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Trump Makes More Bizarre Claims About Wind Power

Politics
Trump Makes More Bizarre Claims About Wind Power
Wind turbines in China. shizhao / CC BY-SA 2.0

President Donald Trump doesn't like wind power, and he wants everyone to know it.


He fought and lost a legal battle to prevent a wind farm from going up near his golf course in Scotland and, in April, he claimed wind turbines caused cancer.

Then, on Saturday, he lifted his lance to tilt at windmills yet again during a speech at the Turning Point USA Student Action Summit in Florida, CNN reported. His remarks came as he attacked the Green New Deal, according to The Independent, a plan championed by progressive Democrats to transition the U.S. economy from fossil fuels to renewable energy while creating jobs and fighting inequality.

"We'll have an economy based on wind," he said, according to a video shared by The Guardian. "I never understood wind. I know windmills very much, I have studied it better than anybody."

He then went on to charge windmills with various defects. He said they were expensive and were made mostly in China and Germany. He also argued they were heavily polluting, according to The Guardian:

"But they're manufactured tremendous if you're into this, tremendous fumes. Gases are spewing into the atmosphere. You know we have a world, right? So the world is tiny compared to the universe. So tremendous, tremendous amount of fumes and everything.

"You talk about the carbon footprint, fumes are spewing into the air, right? Spewing. Whether it's in China, Germany, it's going into the air. It's our air, their air, everything, right?"

It is true that China and Germany are major producers of wind turbines, The Independent noted, but the technology is not a net emitter of greenhouse gasses. In fact, in 2018, electricity generated by wind prevented 200 million tonnes of carbon pollution from entering the atmosphere, the American Wind Energy Association found.

Trump also repeated his argument that wind turbines harm birds.

"You want to see a bird graveyard? Go under a windmill someday. You'll see more birds than you've ever seen in your life," he said, according to The Guardian.

While it is true that wind turbines do kill birds, fossil fuel power plants are deadlier, CNN pointed out. Turbine collisions kill between 140,000 and 500,000 birds a year, but coal, oil, power lines and other energy sources kill millions, according to the U.S. Fish and Wildlife Service.

Trump's rant against wind turbines comes as he has lashed out against green technology in recent weeks. Earlier this month, he attacked water efficiency standards in construction by saying people were having to flush toilets "10 times, 15 times." And at a rally in Michigan last week, he said that women had told him they had to run dishwashers multiple times to make them work, The Washington Post reported.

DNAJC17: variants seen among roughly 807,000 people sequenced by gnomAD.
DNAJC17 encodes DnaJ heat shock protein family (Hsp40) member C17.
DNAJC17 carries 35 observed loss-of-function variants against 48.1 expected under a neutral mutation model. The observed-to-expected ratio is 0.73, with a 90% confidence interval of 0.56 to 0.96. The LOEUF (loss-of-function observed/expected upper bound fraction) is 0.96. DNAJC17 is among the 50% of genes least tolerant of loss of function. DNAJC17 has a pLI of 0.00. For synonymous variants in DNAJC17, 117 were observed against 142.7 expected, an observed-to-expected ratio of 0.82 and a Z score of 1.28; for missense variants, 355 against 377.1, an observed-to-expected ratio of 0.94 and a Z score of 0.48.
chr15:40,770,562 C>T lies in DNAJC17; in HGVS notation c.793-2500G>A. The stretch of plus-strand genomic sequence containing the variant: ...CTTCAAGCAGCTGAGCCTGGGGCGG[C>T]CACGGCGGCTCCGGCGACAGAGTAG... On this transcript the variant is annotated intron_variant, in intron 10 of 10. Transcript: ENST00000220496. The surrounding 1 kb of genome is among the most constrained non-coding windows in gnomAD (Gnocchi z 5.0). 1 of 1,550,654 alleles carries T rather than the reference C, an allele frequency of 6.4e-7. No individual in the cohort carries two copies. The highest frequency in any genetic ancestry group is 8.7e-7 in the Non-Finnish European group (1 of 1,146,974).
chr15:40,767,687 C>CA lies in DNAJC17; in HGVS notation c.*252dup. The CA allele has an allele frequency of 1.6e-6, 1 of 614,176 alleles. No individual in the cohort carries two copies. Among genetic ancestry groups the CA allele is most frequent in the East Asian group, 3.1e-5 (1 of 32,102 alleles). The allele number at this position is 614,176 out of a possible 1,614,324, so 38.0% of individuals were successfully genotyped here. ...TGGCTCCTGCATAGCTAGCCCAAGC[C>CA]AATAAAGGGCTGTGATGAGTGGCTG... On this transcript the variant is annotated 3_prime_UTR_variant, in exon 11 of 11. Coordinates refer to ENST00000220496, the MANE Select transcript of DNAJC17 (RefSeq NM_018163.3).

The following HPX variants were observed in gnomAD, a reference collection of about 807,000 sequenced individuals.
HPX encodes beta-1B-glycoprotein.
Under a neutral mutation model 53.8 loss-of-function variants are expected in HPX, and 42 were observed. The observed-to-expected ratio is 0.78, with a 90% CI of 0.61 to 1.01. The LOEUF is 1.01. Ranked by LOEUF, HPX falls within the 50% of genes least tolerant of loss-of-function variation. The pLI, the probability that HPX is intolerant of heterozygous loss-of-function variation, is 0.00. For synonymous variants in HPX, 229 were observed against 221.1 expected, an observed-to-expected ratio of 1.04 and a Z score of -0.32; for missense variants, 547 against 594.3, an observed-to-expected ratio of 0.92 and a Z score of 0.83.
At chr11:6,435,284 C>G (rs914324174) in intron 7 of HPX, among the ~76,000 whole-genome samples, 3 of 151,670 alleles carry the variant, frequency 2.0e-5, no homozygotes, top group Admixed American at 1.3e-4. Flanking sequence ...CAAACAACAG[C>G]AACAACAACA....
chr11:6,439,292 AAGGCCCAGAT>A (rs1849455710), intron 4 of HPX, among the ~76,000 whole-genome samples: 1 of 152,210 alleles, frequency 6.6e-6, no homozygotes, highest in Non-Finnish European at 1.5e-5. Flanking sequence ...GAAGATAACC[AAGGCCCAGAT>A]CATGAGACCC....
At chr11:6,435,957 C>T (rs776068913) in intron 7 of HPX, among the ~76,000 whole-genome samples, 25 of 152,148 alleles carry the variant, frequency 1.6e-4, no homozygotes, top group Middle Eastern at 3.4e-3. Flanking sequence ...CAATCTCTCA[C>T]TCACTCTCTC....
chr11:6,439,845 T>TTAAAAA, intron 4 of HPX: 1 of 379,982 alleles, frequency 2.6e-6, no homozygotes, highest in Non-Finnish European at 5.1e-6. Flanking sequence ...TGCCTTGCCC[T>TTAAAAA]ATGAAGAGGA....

"The broad nostalgia encapsulated in Trump's 'Make America Great Again' slogan has become increasingly specific as he has zeroed in on consumer issues such as energy-efficient appliances, carbon-reducing fuel standards and plastic straw bans," The Washington Post wrote. "Often operating from his own feelings rather than scientific evidence, the president has castigated Democrats' environmental agenda as unworkable and counterproductive."

All of this rhetoric has policy consequences. The Department of Energy (DOE) announced Friday it would keep incandescent and halogen light bulbs on the market instead of replacing them with more energy efficient varieties. And Trump has asked the Environmental Protection Agency and the DOE to look into relaxing Obama-era efficiency standards for appliances like dishwashers.

"The Trump administration's repeated attacks defy the common-sense, bipartisan support that energy efficiency has long enjoyed," Steve Nadel, executive director of the American Council for an Energy-Efficient Economy, told The Washington Post. "They will cost consumers and businesses money, create uncertainty for businesses as rollbacks are contested in courts, add to harmful pollution, and undermine our efforts to address the climate crisis."

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